Category: Energy


WUWT takes a look at SA’s energy madness.

$14,000 per MWh – the price South Australia Pays for Renewables Madness

Our situation will only change when enough South Aussies make enough noise about this. Make some noise people.

For some background info to our energy market, see  https://eyesonbrowne.wordpress.com/2014/02/17/time-to-make-electricity-cheaper/

RGB

 

Increases per state of Australia

Increases per state of Australia

Electricity in Australia has been on the rise again this year.

My electricity bill this quarter also contained a pamphlet explaining the cost break up of our electricity bill.

It says; “Where every $100 on your electricity bill goes”

Network (poles and wires)                                                                                                    $51

Retail,  customer service and programs for energy efficiency and renewables                   $20

Wholesale electricity generation (making electricity)                                                          $20

Carbon price                                                                                                                         $ 9

Carbon Tax

My current electricity bill, which shows we used 1.412 MWh, totalled $507.36.   Therefore as per the pamphlet, the carbon tax should be about $45.66 ($9 per $100) or $36.87 if they mean before GST and service charges.   This calculates the carbon tax per MWh here in Adelaide at about $32.

My bill also states that we used 1.47 tonnes of green house gasses.  Now if we multiply that by the $23 per tonne (CT rate set by the Federal government), we should get the same number ($32).  We get close.  It actually calculates at $33.81 per Mwh.  Lets not worry too much about the slight discrepancy between the two figures, but keep theses numbers in mind.

Here is the graph of household electricity costs which is displayed on the cleanenergyfuture website.

Average cost increases according to the Federal Treasury

To get a clearer picture of the actual amounts I have duplicated the graph and included the amounts as close as my eye can tell.

Duplicated graph with actual amounts

Hmmm. Seems to be a large discrepancy here between the pamphlet and the info from cleanenergyfuture.

Is the CARBON TAX   $23 perMWh?       Or is it    $32 per MWh?

I’m confused.

I decided to check with my electricity supplier to get a more accurate account of how much carbon tax I am actually paying.    They should know, considering they have to pay the CT , so will have to factor it into each persons account.   Two weeks after emailing them a detailed request as to the actual tax I am paying, I received a letter asking me to ring them.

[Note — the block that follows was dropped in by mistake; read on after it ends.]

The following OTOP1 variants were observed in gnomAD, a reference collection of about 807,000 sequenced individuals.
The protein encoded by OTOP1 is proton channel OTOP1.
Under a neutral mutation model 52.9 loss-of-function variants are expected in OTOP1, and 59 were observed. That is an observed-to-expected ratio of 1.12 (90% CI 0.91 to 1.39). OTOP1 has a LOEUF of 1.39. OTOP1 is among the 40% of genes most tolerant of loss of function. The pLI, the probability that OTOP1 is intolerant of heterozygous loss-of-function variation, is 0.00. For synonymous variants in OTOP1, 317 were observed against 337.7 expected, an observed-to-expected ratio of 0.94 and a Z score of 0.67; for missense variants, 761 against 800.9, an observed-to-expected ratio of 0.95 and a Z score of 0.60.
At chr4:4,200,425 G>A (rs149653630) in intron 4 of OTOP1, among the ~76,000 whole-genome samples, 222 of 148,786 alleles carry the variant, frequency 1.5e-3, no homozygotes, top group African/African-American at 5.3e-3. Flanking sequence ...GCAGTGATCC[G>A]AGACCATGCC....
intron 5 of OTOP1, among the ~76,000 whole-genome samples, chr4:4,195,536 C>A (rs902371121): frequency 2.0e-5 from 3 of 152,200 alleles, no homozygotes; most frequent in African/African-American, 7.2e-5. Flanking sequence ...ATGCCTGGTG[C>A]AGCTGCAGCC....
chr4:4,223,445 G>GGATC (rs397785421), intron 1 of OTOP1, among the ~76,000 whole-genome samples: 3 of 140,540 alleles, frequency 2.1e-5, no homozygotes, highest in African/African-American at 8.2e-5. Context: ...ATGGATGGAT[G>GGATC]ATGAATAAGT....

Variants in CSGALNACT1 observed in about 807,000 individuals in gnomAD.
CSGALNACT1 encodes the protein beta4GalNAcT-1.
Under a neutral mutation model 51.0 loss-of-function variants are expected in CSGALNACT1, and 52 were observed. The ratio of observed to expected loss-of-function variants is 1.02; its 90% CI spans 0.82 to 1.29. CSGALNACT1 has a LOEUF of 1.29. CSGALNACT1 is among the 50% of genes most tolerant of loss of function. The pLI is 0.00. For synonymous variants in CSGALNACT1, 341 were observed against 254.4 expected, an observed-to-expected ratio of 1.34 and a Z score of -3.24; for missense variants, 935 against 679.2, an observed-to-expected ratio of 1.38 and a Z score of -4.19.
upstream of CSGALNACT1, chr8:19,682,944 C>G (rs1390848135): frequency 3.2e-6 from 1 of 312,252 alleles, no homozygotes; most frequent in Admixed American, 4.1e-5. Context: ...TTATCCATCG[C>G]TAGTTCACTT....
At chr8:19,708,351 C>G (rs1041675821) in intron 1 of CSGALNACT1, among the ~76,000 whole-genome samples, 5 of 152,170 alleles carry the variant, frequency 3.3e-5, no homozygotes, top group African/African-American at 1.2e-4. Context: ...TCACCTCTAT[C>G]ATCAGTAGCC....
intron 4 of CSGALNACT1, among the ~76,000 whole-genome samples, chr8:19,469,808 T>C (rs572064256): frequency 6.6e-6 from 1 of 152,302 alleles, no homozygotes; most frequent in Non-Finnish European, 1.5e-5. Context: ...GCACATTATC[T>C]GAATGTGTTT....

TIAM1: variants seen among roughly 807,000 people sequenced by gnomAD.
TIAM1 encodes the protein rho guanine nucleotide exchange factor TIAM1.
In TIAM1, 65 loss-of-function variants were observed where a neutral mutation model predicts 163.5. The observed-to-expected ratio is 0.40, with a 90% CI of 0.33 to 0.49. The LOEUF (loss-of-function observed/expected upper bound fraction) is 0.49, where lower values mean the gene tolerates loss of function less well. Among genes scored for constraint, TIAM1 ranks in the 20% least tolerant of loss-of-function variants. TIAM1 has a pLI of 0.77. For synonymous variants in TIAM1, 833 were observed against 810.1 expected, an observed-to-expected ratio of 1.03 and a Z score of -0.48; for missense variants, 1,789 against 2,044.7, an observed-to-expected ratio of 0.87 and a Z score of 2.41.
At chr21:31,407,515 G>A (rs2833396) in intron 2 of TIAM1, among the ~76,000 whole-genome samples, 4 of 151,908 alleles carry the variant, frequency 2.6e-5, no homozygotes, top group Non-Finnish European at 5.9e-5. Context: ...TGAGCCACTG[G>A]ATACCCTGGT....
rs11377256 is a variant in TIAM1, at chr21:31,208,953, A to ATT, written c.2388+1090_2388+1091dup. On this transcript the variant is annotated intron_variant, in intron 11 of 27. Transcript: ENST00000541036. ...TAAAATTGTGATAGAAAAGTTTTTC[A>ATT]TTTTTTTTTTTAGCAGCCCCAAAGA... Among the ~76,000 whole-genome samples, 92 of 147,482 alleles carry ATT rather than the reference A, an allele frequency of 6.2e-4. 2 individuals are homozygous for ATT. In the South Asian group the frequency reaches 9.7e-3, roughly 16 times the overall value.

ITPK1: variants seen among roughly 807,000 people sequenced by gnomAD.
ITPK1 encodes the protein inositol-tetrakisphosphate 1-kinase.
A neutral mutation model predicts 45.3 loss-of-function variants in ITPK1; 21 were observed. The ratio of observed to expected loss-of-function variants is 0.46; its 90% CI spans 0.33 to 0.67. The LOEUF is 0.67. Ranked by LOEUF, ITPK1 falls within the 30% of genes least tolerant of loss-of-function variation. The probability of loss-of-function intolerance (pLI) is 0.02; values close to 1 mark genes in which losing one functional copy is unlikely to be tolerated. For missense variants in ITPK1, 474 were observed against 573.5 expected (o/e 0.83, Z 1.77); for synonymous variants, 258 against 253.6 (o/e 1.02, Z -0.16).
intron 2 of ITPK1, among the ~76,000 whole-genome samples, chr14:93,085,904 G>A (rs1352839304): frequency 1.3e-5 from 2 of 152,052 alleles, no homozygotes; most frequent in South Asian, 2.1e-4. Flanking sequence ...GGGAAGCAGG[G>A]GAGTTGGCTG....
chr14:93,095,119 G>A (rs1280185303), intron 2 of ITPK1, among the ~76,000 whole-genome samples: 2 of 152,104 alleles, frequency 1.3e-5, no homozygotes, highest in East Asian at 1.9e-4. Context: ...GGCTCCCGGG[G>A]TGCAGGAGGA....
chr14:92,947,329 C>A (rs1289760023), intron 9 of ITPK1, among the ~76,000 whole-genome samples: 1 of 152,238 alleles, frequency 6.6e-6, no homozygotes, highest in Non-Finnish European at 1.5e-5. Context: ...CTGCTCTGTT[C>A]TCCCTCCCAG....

This was their reply:

“I am sorry I do not have access to that information. I will pass on your request to my supervisor and someone will contact you soon.”

That was on the 28th of November 2012.

No response by the 18th of December, so I sent another email.  This time a little more assertive, suggesting I am quite happy to move to another retailer if I do not get a reply within a reasonable amount of time. I gave them 1 week.

They replied rather promptly this time which was positive, however the content of the email was a little disappointing, and perhaps they should proof read their emails before sending. It does not make much grammatical sense.

It reads as follows;

Hello, thanks for your email.  Unfortunately we don’t have the exact figure for the carbon price increase as the rates were increased on 1st August 2012 however we don’t have a breakdown of what percentage was the Carbon Price increase and what percentage was the Annual price increase in South Australia.  We cannot break down the charges directly on the invoice.  Kind regards,

Hmmm, seems they are a little confused as well.  I am sure my simple brain could work out what the CT would be given the available information which they would surely have, so why is it so difficult for them to do?  I still think it is just lack of competence on their part to source the information.   If they cannot supply with the information in the new year I will start to get suspicious that something more is afoot.

My reply which I sent on the 22nd Dec 2012;

Thankyou for your prompt reply, though I still do not understand why this is so difficult a request. Your business I assume has to pay the CT to the Federal government of which I, like everyone else contributes to in their respective bills.  This I assume has to be calculated and not guessed, so I assume the calculation can be explained to me.